Ephesians 4:1-16 Making sense of Ephesians 4:11

Sermon preached on 11th March 2012

Six apostles, from the Jelling church, Denmark.

Six apostles, from the Jelling church, Denmark. (Photo credit: Wikipedia)











In this passage we see how God’s establishes His church and His purpose for the church to grow in love to become mature. 

13 Until we all reach unity in the faith and in the knowledge of the Son of God and become mature, attaining to the whole measure of the fullness of Christ.

Our church was established 131 years ago, in 1881.  I love the story: a preacher borrowed benches from the pub opposite, stood on a chair on this spot, and preached the gospel.  There was a work of the Holy Spirit, people came to Christ, and they were formed into a church – and the work of the Spirit continues to this today.

In 7-11, we learn how God establishes and nurtures His church:

8 “When he ascended on high, he led captives in his train and gave gifts to men.”

He has given gifts to His church and 11 lists these important gifts:

11 It was he who gave some to be apostles, some to be prophets, some to be evangelists, and some to be pastors and teachers.

If you know anything about charismatic renewal over the last few decades you will know that much has been said and written on these particular verses, (11-13). At a recent conference I attended, someone sharing about ministry said, “It all comes down to Ephesians 4:11-13 – this is what ministry is all about!”   I just thought to myself, “Well, it depends how you interpret Ephesians 4:11-13!”  Unfortunately, a passage which speaks about Christians reaching unity in the faith creates quite a lot of disunity.  What I want to try and do this morning is to understand the roles of these gifts in the context of the church being established and built up in love.

But why, as an ordinary church member, is this important for you?  First, 7 But to each one of us grace has been given as Christ apportioned it.  These gifts touch all of us to an extent, and also you may recognise one or more of them as your gift.  Second, the devil has a way of counterfeiting the real thing: there are false apostles, false prophets, and wolves in sheep’s clothing.  If we are going to spot the counterfeit it’s important to recognise what the real thing looks like.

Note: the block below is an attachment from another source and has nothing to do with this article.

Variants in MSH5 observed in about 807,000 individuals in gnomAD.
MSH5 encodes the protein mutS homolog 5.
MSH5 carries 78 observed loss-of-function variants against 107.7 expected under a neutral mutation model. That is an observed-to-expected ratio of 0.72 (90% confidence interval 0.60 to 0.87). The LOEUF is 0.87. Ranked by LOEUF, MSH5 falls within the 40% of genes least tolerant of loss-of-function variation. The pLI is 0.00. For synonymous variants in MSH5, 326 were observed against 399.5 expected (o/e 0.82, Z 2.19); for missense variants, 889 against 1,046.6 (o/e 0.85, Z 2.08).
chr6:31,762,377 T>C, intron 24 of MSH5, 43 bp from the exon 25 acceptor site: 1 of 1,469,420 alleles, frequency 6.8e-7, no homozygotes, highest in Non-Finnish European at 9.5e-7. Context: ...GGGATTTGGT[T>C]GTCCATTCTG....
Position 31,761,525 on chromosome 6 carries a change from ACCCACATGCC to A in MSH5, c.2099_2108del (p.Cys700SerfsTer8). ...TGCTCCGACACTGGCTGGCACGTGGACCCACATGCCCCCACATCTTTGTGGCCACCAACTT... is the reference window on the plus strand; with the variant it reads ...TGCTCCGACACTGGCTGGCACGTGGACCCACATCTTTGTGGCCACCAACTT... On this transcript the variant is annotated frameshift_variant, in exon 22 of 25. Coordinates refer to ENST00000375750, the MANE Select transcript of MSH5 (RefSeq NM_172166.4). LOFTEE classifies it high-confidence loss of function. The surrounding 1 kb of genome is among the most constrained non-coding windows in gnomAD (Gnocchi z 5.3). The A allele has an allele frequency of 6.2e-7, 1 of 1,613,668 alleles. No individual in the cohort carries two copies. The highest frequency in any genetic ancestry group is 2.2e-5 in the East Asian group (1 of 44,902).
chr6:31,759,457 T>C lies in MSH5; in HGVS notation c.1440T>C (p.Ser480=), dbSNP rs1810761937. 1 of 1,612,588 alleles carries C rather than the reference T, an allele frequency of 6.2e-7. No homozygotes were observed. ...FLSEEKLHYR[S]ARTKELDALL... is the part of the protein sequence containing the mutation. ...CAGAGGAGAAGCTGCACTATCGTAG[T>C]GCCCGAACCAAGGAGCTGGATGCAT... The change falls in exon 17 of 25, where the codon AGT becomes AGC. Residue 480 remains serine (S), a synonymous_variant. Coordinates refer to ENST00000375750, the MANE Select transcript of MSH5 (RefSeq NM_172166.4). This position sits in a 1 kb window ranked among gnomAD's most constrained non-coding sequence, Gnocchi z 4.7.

Some people say these gifts of apostle, prophet, evangelist, pastor and teacher represent a fivefold ministry of leadership in the church.  Other people, rightly so, see the pastor–teacher as the same person and call this a fourfold ministry.  I don’t believe this is a fivefold or a fourfold ministry.  I think it is a list of ministry gifts that God has given to people in the church, all of which are needed to establish the church and for it to build itself up in love.

I don’t know about you, but all the names given to church leaders these days can be quite confusing: pastor, minister, vicar, bishop, rector, deacon, elder, priest, reverend, curate, etc.  However I believe there are just 3 basic types of church leadership (a threefold ministry): trans-local ministry between churches (bishop, regional minister); local pastor (vicar, priest); and deacon.

Now, let’s get back to these gifts.  Jesus ascended on high, the Holy Spirit came down and He gave gifts to establish the church and to see it grow in love.  There is logic in the order of the gifts given for this to happen.

1.       APOSTLE

When we think of apostle we usually think of the 12, and the Apostle Paul.  They were witnesses of this resurrection and were unique.  But, in the New Testament, there were others who were called apostles e.g. Barnabas [Acts 14:14].  The role of apostle is wider than the 12.

Apostle literally means “one sent forth”, but what did the apostles actually do?  They preached the gospel and planted churches, and then usually moved on to do it again somewhere else.  I believe this is what apostles do today, except we call them missionaries – or rather church planting missionaries.  Without them would be no church, and that’s why they come first in the list.

The person who came 130 years ago and preached the gospel and got the new Christians together to form this church was exercising the gift of the apostle.  I’m sure he didn’t call himself an apostle, but that’s what he was actually doing.  It’s much better these days to call these people missionaries rather than apostles, otherwise it’s easy to think we are putting them on the same level as the 12 apostles.

A quick survey of the internet will reveal that these days many senior pastors and CEO’s of Christian organisations are calling themselves apostles.  However this is a far cry from the biblical role of apostle.